What does lantern mean?

Definitions for lantern
ˈlæn tərnlantern

This dictionary definitions page includes all the possible meanings, example usage and translations of the word lantern.

Princeton's WordNet

  1. lanternnoun

    light in a transparent protective case


  1. lanternnoun

    A case of translucent or transparent material made to protect a flame, or light, used to illuminate its surroundings.

  2. Etymology: Middle English (13th century), via Old French lanterne from lanterna, itself a corruption of

Samuel Johnson's Dictionary

  1. Lanternnoun

    A transparent case for a candle.

    Etymology: lanterne, French; laterna, Latin:

    God shall be my hope,
    My stay, my guide, my lanthorn to my feet. William Shakespeare.

    Thou art our admiral; thou bearest the lanthorn in the poop, but ’tis in the nose of thee; thou art the knight of the burning lamp. William Shakespeare, Henry IV. p. i.

    A candle lasteth longer in a lanthorn than at large. Francis Bacon.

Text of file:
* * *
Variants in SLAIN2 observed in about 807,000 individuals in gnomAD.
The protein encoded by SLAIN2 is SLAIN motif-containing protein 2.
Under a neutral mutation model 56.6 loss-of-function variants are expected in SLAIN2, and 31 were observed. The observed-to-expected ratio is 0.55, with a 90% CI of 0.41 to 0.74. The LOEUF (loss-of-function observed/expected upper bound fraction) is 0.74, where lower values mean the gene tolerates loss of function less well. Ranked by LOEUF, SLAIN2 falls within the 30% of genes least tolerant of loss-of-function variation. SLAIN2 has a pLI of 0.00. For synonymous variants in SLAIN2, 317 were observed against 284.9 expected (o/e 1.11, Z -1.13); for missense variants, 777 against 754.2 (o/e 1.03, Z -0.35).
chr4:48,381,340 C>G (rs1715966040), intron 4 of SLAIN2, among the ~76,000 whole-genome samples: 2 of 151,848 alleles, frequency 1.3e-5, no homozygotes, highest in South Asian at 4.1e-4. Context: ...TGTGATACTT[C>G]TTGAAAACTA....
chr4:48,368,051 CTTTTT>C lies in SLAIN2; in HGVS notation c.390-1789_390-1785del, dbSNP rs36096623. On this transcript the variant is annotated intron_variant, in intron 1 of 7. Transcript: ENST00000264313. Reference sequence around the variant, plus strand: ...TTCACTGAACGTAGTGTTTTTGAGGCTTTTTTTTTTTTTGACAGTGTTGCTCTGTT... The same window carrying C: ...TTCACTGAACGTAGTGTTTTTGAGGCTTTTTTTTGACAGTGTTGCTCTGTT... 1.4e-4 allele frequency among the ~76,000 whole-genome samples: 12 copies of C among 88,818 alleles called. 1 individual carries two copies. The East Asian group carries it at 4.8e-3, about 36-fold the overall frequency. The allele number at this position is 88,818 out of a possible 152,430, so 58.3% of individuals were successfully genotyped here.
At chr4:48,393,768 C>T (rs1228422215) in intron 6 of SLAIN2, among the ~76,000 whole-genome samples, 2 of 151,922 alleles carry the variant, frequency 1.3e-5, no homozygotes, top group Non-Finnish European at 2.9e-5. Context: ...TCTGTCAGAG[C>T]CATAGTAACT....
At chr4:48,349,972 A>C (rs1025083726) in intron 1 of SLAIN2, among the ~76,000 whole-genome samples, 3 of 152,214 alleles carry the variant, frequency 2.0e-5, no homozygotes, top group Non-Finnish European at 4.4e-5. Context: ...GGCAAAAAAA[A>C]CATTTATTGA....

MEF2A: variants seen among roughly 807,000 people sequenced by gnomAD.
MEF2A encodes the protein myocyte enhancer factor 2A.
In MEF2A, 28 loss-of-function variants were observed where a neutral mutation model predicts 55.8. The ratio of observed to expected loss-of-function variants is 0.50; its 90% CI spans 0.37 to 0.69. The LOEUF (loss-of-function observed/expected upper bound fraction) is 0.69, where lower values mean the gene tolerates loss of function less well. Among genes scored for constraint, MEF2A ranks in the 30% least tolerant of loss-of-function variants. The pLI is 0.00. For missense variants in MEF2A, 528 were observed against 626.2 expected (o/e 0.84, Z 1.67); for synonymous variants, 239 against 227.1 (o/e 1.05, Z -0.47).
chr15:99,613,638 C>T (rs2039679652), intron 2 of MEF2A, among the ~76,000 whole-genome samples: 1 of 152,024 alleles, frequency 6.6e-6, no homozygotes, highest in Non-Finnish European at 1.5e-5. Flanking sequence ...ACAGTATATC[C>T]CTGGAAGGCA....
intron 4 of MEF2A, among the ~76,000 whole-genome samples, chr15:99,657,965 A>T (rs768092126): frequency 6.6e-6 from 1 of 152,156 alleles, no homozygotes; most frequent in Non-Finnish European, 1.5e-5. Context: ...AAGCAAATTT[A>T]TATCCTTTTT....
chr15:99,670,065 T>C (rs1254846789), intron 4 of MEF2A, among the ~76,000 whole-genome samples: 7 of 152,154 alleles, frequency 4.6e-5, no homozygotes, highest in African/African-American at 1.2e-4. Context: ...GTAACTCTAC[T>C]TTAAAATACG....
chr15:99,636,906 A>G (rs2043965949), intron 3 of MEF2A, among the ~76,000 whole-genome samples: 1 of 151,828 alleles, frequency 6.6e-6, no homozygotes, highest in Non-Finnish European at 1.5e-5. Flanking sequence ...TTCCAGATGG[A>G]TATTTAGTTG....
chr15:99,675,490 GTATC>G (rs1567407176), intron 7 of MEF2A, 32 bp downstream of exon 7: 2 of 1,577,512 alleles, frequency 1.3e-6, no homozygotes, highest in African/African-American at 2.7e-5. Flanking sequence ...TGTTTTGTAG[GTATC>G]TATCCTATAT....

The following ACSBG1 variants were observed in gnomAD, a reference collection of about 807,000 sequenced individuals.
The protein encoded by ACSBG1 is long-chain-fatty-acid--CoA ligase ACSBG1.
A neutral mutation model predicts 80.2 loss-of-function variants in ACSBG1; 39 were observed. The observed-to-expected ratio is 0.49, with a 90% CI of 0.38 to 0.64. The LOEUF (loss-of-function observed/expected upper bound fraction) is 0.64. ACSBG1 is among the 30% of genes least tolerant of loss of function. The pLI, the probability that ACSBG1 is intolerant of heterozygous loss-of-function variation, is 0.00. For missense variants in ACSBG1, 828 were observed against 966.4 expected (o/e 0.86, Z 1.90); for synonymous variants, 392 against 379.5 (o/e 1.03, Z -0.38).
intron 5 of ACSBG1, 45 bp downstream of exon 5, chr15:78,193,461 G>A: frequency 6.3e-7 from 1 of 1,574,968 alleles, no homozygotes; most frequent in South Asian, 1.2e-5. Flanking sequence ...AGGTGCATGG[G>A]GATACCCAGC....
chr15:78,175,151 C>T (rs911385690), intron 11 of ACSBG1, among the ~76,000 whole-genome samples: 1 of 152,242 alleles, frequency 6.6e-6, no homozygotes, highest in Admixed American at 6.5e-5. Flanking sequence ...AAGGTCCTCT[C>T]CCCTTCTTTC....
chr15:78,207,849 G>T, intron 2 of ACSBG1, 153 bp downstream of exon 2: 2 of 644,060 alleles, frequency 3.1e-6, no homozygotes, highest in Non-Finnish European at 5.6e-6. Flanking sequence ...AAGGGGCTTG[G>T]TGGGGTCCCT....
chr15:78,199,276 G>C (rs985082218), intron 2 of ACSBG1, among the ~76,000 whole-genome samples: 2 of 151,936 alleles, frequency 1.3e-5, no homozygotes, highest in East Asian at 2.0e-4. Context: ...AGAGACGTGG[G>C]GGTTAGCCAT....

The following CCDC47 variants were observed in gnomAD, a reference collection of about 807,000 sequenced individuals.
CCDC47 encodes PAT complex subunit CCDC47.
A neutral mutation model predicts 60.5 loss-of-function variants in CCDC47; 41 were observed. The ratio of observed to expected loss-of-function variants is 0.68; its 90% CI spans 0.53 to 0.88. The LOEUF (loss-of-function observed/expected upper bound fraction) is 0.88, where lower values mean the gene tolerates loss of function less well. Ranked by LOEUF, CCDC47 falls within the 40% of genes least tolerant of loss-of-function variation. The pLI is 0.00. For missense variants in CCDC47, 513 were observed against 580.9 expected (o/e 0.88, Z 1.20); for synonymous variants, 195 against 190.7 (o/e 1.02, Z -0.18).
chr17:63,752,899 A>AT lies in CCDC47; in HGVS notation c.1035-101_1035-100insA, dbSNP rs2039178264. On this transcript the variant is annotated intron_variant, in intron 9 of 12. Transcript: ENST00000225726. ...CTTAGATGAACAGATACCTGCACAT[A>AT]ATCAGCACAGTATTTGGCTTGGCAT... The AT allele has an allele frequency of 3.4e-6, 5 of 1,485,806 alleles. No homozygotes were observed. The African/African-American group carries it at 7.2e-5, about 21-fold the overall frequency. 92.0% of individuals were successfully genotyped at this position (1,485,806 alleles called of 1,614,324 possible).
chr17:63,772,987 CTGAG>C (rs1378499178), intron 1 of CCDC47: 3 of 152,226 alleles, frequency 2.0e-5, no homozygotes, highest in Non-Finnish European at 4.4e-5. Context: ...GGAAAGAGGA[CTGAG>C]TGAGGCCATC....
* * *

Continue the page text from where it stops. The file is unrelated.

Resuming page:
Amongst the excellent acts of that king, one hath the pre-eminence, the erection and institution of a society, which we call Solomon’s house; the noblest foundation that ever was, and the lanthorn of this kingdom. Francis Bacon, Atlantis.

    O thievish night,
    Why shouldst thou, but for some felonious end,
    In thy dark lanthorn thus close up the stars,
    That nature hung in heav’n, and fill’d their lamps
    With everlasting oil, to give due light
    To the misled and lonely traveller. John Milton.

    Vice is like a dark lanthorn, which turns its bright side only to him that bears it, but looks black and dismal in another’s hand. Govern. Tong.